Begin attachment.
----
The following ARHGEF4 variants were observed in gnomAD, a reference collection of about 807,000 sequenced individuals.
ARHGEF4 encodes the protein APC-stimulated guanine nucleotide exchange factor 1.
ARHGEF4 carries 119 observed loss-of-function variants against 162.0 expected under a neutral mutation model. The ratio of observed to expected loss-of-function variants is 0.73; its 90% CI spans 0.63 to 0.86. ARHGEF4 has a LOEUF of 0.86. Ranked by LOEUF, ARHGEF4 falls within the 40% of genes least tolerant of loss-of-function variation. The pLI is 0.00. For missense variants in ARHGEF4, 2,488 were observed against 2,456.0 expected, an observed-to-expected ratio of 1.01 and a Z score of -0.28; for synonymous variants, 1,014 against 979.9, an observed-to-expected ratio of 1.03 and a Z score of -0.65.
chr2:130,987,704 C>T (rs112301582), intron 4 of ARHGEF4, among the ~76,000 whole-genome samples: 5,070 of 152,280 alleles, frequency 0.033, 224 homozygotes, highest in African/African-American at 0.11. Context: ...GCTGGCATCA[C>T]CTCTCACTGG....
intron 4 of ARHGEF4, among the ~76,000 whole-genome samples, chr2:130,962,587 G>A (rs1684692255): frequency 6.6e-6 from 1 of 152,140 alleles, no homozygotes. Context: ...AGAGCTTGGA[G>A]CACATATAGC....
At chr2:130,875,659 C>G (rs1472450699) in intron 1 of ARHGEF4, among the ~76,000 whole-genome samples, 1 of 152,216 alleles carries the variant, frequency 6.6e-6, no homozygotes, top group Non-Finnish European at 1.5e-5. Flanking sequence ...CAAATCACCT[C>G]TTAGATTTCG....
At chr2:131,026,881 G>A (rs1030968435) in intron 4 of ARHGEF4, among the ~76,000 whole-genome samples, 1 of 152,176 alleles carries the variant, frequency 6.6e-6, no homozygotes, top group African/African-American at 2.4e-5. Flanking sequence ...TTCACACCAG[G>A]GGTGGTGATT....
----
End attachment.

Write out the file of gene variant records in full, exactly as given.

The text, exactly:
The following ARHGEF4 variants were observed in gnomAD, a reference collection of about 807,000 sequenced individuals.
ARHGEF4 encodes the protein APC-stimulated guanine nucleotide exchange factor 1.
ARHGEF4 carries 119 observed loss-of-function variants against 162.0 expected under a neutral mutation model. The ratio of observed to expected loss-of-function variants is 0.73; its 90% CI spans 0.63 to 0.86. ARHGEF4 has a LOEUF of 0.86. Ranked by LOEUF, ARHGEF4 falls within the 40% of genes least tolerant of loss-of-function variation. The pLI is 0.00. For missense variants in ARHGEF4, 2,488 were observed against 2,456.0 expected, an observed-to-expected ratio of 1.01 and a Z score of -0.28; for synonymous variants, 1,014 against 979.9, an observed-to-expected ratio of 1.03 and a Z score of -0.65.
chr2:130,987,704 C>T (rs112301582), intron 4 of ARHGEF4, among the ~76,000 whole-genome samples: 5,070 of 152,280 alleles, frequency 0.033, 224 homozygotes, highest in African/African-American at 0.11. Context: ...GCTGGCATCA[C>T]CTCTCACTGG....
intron 4 of ARHGEF4, among the ~76,000 whole-genome samples, chr2:130,962,587 G>A (rs1684692255): frequency 6.6e-6 from 1 of 152,140 alleles, no homozygotes. Context: ...AGAGCTTGGA[G>A]CACATATAGC....
At chr2:130,875,659 C>G (rs1472450699) in intron 1 of ARHGEF4, among the ~76,000 whole-genome samples, 1 of 152,216 alleles carries the variant, frequency 6.6e-6, no homozygotes, top group Non-Finnish European at 1.5e-5. Flanking sequence ...CAAATCACCT[C>G]TTAGATTTCG....
At chr2:131,026,881 G>A (rs1030968435) in intron 4 of ARHGEF4, among the ~76,000 whole-genome samples, 1 of 152,176 alleles carries the variant, frequency 6.6e-6, no homozygotes, top group African/African-American at 2.4e-5. Flanking sequence ...TTCACACCAG[G>A]GGTGGTGATT....